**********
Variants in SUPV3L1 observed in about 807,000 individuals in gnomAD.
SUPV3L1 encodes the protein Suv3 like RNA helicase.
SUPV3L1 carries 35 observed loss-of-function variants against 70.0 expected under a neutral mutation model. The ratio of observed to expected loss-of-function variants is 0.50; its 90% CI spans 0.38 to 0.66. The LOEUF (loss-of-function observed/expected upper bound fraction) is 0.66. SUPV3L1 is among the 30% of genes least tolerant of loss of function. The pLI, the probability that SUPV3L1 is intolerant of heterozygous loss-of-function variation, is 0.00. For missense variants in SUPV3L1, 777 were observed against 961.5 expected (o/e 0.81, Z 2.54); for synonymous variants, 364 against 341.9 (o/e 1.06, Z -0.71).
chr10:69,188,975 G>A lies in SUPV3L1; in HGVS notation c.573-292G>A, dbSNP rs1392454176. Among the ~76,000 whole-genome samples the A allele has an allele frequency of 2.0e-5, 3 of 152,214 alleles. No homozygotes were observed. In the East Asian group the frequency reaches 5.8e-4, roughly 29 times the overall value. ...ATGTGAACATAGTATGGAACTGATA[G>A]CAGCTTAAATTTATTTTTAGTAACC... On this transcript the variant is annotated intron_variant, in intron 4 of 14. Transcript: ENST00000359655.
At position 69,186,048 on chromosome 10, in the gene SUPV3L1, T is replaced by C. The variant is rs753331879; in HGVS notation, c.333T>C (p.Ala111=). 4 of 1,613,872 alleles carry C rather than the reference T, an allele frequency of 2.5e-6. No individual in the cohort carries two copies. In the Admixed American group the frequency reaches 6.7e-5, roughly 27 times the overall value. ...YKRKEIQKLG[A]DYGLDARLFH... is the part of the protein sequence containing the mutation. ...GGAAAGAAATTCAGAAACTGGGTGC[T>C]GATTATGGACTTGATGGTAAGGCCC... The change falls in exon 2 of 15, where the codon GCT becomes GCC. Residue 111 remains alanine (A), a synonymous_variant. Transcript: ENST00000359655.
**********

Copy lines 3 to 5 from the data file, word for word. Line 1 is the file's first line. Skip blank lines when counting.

SUPV3L1 carries 35 observed loss-of-function variants against 70.0 expected under a neutral mutation model. The ratio of observed to expected loss-of-function variants is 0.50; its 90% CI spans 0.38 to 0.66. The LOEUF (loss-of-function observed/expected upper bound fraction) is 0.66. SUPV3L1 is among the 30% of genes least tolerant of loss of function. The pLI, the probability that SUPV3L1 is intolerant of heterozygous loss-of-function variation, is 0.00. For missense variants in SUPV3L1, 777 were observed against 961.5 expected (o/e 0.81, Z 2.54); for synonymous variants, 364 against 341.9 (o/e 1.06, Z -0.71).
chr10:69,188,975 G>A lies in SUPV3L1; in HGVS notation c.573-292G>A, dbSNP rs1392454176. Among the ~76,000 whole-genome samples the A allele has an allele frequency of 2.0e-5, 3 of 152,214 alleles. No homozygotes were observed. In the East Asian group the frequency reaches 5.8e-4, roughly 29 times the overall value. ...ATGTGAACATAGTATGGAACTGATA[G>A]CAGCTTAAATTTATTTTTAGTAACC... On this transcript the variant is annotated intron_variant, in intron 4 of 14. Transcript: ENST00000359655.
At position 69,186,048 on chromosome 10, in the gene SUPV3L1, T is replaced by C. The variant is rs753331879; in HGVS notation, c.333T>C (p.Ala111=). 4 of 1,613,872 alleles carry C rather than the reference T, an allele frequency of 2.5e-6. No individual in the cohort carries two copies. In the Admixed American group the frequency reaches 6.7e-5, roughly 27 times the overall value. ...YKRKEIQKLG[A]DYGLDARLFH... is the part of the protein sequence containing the mutation. ...GGAAAGAAATTCAGAAACTGGGTGC[T>C]GATTATGGACTTGATGGTAAGGCCC... The change falls in exon 2 of 15, where the codon GCT becomes GCC. Residue 111 remains alanine (A), a synonymous_variant. Transcript: ENST00000359655.